Role of the ventrolateral orbital cortex and medial prefrontal cortex in incentive downshift situations

Leonardo A. Ortega, Amanda C. Glueck, Megan Uhelski, Perry N. Fuchs, Mauricio R. Papini

Research output: Contribution to journalArticlepeer-review

15 Scopus citations


The present research evaluated the role of two prefrontal cortex areas, the ventrolateral orbital cortex (VLO) and the medial prefrontal cortex (mPFC), on two situations involving incentive downshifts, consummatory successive negative contrast (cSNC) with sucrose solutions and Pavlovian autoshaping following continuous vs. partial reinforcement with food pellets. Animals received electrolytic lesions and then were tested on cSNC, autoshaping, open-field activity, and sucrose sensitivity. Lesions of the VLO reduced suppression of consummatory behavior after the incentive downshift, but only during the first downshift trial, and also eliminated the enhancement of anticipatory behavior during partial reinforcement, relative to continuous reinforcement, in autoshaping. There was no evidence of specific effects of mPFC lesions on incentive downshifts. Open-field activity was also reduced by VLO lesions, but only in the central area, whereas mPFC lesions had no observable effects on activity. Animals with mPFC lesions exhibited decreased consumption of the lowest sucrose concentration, whereas no effects were observed in animals with VLO lesions. These results suggest that the VLO may exert nonassociative (i.e., motivational, emotional) influences on behavior in situations involving incentive downshifts. No clear role on incentive downshift was revealed by mPFC lesions.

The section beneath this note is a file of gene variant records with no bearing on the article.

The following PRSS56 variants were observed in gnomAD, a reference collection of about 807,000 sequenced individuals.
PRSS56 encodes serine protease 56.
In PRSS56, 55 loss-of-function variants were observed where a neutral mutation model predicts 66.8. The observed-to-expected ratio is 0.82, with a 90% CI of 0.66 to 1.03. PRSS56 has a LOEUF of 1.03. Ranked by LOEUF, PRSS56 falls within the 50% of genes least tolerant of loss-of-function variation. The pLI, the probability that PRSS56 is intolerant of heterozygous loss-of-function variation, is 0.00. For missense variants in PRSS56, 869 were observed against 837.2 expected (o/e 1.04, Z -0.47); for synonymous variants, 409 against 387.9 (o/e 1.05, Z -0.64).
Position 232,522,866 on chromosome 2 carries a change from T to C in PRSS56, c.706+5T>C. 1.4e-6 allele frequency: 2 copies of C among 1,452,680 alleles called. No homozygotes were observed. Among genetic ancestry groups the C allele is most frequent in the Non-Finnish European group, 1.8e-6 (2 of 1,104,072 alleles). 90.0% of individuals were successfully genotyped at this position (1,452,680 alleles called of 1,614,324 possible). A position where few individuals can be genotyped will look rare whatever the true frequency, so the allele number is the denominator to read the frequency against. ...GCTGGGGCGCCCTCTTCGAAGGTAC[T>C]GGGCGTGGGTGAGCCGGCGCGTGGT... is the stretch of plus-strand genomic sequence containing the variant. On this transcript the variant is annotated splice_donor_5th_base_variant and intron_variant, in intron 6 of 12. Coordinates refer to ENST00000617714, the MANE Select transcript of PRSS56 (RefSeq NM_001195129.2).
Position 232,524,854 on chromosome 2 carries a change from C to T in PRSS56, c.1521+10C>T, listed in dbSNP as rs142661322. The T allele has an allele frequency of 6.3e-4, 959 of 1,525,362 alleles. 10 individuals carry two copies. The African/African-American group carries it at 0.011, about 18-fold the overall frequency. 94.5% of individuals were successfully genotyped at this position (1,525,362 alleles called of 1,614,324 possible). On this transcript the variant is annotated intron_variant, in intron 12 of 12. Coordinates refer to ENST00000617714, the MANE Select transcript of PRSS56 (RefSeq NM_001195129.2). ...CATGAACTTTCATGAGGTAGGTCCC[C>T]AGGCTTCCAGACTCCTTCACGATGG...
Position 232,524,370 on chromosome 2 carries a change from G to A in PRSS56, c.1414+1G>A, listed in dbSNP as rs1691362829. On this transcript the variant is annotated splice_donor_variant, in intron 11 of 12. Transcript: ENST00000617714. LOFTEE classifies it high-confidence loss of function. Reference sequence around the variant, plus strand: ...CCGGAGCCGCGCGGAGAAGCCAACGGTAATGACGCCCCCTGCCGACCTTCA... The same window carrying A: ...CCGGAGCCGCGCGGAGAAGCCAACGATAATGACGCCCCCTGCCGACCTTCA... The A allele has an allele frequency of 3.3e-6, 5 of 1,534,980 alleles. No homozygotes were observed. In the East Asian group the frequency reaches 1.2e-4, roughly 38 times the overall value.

Original languageEnglish
Pages (from-to)120-129
Number of pages10
JournalBehavioural Brain Research
StatePublished - May 1 2013

Bibliographical note

Funding Information:
The research reported in this article was partially supported by TCU/RCAF Grant # 60562 to MRP.


  • Incentive contrast
  • Medial prefrontal cortex
  • Partial reinforcement
  • Rats
  • Ventrolateral orbital cortex

ASJC Scopus subject areas

  • Behavioral Neuroscience


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